Two forging techniques that are somewhat similar can have vastly different applications and associated costs. For example, the dies used in closed-die forging are custom designed and capable of creating more complex parts than in open-die forging. This is challenging for manufacturers since any issue with a traditional die prototype requires engineers and designers to identify the problem and adjust the specifications using actual physical materials.
Despite these challenges, many manufacturers that use closed-die forging have yet to integrate simulation software into their workflows. Simulation software substantially reduces the risk of using customized dies to forge complicated shapes by anticipating failures and defects before they occur.
Let’s review the advantages and disadvantages of closed-die forging and explore how simulation software can help.
Closed-Die Forging Advantages And Disadvantages
Even before simulation software was available, closed-die forging was a popular technique because of its ability to produce parts with exceptional strength and toughness.
Part of the reason that closed-die forging results in improved mechanical properties is the high deformation rate as the original material is rapidly reshaped into the desired configuration. Closed-die forging is also a preferred production method for accommodating intricate designs with tight tolerances.
These significant advantages often outweigh the downsides of closed-die forging. Unlike simpler processes that can be put into production with minimal forethought, closed-die forging requires a substantial amount of planning and setup. The higher quality and value of the end product is often used to justify the initial expense.
Benefits Of Using Simulation Software For Closed-Die Forging
Despite the various advantages and disadvantages of closed-die forging, simulation software streamlines the closed-die forging process by allowing teams to freely manipulate characteristics and specifications long before a physical prototype is ever made. Not only does this encourage innovation, but it also helps optimize the design of the die by testing a wide range of parameters without incurring additional expenses.
Instead of discovering mistakes while forging, simulation software alerts design teams to defects before production begins. From there, engineers can adjust the proposed specifications to reduce risk or redistribute stress to the die. The resulting changes may include substituting materials or modifying process parameters.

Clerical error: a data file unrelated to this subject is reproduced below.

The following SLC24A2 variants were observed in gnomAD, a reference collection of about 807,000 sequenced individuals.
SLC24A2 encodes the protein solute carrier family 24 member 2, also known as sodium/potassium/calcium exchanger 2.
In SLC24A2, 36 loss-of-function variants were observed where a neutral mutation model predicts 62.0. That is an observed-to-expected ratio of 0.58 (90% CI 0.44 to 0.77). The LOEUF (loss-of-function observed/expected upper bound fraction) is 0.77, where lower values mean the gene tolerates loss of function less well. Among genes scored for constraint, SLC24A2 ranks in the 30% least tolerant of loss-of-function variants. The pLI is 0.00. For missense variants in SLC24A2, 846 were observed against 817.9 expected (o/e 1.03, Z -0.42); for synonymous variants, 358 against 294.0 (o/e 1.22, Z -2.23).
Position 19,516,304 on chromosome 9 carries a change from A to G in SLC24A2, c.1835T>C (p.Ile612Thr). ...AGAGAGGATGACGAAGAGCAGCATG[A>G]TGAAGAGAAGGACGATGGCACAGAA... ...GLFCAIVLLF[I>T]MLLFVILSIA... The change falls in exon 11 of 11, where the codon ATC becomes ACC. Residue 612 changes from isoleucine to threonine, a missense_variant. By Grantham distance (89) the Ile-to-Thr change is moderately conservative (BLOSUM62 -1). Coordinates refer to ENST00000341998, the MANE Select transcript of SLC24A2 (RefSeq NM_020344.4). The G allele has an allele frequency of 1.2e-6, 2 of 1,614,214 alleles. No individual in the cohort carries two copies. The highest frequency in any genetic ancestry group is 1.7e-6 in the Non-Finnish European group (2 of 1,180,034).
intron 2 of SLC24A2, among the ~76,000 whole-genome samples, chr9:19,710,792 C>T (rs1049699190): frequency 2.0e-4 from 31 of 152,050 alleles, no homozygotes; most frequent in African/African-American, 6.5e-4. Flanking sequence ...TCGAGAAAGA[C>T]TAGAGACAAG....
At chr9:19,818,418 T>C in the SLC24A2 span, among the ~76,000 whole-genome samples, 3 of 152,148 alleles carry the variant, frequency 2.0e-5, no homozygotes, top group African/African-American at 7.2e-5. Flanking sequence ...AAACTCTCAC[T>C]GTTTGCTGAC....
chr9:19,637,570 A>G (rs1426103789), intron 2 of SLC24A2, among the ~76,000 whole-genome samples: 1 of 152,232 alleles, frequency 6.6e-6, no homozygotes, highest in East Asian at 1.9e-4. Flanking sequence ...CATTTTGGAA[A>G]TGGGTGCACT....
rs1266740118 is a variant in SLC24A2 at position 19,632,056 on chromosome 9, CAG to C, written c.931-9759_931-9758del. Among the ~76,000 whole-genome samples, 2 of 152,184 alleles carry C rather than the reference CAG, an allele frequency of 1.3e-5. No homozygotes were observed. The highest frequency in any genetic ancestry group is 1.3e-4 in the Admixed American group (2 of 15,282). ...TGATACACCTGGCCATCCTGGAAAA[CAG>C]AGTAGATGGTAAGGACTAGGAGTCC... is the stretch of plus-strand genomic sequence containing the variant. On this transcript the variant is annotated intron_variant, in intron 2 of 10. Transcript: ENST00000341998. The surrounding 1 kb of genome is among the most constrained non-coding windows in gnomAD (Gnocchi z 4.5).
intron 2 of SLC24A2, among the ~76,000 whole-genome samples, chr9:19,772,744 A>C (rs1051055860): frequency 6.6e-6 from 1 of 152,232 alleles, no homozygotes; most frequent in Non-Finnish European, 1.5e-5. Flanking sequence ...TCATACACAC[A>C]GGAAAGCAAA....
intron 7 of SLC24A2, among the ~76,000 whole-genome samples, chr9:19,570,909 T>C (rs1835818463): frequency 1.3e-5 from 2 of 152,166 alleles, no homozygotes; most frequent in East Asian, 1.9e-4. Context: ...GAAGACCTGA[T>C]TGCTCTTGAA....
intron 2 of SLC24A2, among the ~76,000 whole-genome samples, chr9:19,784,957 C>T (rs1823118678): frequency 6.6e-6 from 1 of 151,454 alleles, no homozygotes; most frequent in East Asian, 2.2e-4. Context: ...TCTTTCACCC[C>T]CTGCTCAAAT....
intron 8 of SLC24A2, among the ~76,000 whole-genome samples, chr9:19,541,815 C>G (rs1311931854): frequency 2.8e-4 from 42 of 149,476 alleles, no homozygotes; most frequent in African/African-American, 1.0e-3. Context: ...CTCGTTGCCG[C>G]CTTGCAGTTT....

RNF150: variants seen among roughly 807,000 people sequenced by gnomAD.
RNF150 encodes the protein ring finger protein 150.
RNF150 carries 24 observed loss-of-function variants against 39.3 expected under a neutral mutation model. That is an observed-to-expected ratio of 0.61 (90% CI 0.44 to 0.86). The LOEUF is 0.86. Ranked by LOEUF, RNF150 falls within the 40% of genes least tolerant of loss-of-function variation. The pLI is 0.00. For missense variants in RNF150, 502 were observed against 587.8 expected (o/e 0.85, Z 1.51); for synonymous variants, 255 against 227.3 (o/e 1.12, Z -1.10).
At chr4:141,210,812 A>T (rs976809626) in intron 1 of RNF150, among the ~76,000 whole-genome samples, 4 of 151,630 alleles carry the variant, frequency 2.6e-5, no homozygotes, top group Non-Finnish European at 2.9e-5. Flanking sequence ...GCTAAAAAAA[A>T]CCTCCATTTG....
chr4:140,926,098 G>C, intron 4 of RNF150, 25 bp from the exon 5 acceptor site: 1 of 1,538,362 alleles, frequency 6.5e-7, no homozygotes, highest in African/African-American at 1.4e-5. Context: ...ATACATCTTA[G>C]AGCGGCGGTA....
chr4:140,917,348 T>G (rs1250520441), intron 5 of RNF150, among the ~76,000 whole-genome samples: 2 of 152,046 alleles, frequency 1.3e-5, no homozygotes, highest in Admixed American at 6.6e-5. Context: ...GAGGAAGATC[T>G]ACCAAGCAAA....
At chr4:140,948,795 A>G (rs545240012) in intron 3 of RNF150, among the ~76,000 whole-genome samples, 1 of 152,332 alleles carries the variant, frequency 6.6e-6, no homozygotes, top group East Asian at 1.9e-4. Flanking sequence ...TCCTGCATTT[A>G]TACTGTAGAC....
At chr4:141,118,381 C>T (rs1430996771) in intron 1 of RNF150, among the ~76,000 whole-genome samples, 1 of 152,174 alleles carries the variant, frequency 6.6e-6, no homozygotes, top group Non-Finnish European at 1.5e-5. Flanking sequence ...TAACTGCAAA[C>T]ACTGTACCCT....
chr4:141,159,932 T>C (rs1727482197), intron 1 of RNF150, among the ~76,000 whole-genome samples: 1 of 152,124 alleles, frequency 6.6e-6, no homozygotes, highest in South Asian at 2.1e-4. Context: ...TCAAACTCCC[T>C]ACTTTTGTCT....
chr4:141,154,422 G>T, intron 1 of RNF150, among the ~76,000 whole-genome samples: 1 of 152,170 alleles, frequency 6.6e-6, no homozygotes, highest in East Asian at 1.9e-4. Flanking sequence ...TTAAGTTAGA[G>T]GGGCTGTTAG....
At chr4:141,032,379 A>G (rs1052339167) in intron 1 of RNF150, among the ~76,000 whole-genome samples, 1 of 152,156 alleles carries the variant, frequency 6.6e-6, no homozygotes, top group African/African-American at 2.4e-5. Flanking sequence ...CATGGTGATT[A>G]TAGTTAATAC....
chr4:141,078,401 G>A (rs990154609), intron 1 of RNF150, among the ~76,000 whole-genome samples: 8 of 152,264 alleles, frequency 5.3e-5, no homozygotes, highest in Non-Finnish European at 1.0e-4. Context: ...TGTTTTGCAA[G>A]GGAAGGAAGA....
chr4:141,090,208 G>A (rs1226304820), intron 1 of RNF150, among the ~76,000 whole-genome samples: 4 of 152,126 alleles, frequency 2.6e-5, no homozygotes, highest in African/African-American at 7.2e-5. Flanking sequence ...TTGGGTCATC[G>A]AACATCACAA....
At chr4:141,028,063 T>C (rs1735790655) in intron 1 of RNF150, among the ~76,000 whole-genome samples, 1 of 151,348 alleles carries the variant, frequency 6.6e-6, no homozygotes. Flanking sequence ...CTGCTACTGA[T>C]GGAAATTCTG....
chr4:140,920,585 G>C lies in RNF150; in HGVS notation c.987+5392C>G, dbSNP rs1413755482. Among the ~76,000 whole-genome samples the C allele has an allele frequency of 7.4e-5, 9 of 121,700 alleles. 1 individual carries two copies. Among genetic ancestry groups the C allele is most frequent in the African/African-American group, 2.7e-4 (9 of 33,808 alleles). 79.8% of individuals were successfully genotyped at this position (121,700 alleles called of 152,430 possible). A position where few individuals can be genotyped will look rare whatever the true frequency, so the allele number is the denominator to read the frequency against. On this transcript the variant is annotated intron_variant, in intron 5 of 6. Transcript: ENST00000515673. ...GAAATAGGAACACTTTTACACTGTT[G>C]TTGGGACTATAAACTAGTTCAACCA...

This continuous cycle of making improvements and responding proactively to potential points of failure increases efficiency and reduces the costs associated with rework in the real world. Between high tooling costs, overtime, and production delays, a physical die that doesn’t work properly can be extremely expensive for the company. A virtual die, on the other hand, costs nothing.
Forge® As An Industry Leader In Closed-Die Forging
FORGE® continues to distinguish itself as an innovative, adaptive software solution with an easy-to-use interface for manufacturers integrating simulation software for the first time.
Some platforms such as DEFORM have locked process parameters that cost extra to modify. FORGE® allows design teams to set their own parameters and analyzes qualities such as deformation and flow according to those inputs. This encourages open experimentation and a natural process of discovery.
Many types of software perform well in metallurgical aspects or simulations but lack the comprehensive customer support, flexibility, and affordable price point of FORGE®. For example, Simufact Forming requires customers to purchase modules for parallel computing, hot forging, and other techniques, which adds complexity compared to the all-in-one system offered by FORGE®.
Choosing the right software also depends on each manufacturer’s tolerances for dimensions, surface finishing, and other qualities. QForm is reasonably priced and simple to understand, but several companies that require precise results report superior outcomes and reliability after switching to FORGE®.
By running various calculations and assessments on a digital prototype, FORGE® can check a part’s mechanical properties and determine whether designs comply with specifications such as SAE USCAR8. FORGE® also excels at anticipating issues like underfilling or flow-through defects.
Being able to anticipate outcomes challenges the traditional advantages and disadvantages of closed-die forging by eliminating key drawbacks. For instance, simulation software eliminates the high tooling costs of making multiple prototypes and takes the guesswork out of knowing when to transition to physical production.
Conclusion: Advantages and Disadvantages of Closed-Die Forging
Closed-die forging has remained a manufacturing staple for good reason. Simulation software amplifies its ability to produce customized and complex parts by mitigating many risks that can make closed-die forging an expensive technique.
With solutions like FORGE®, design teams can test process parameters and specifications in a controlled setting without making a physical prototype. If the resulting part doesn’t behave as expected, changes can be made without incurring new production costs or causing delays while another prototype is made. This freedom removes a substantial amount of mental pressure from the design process and gives engineers the flexibility to test new theories in a safe virtual environment.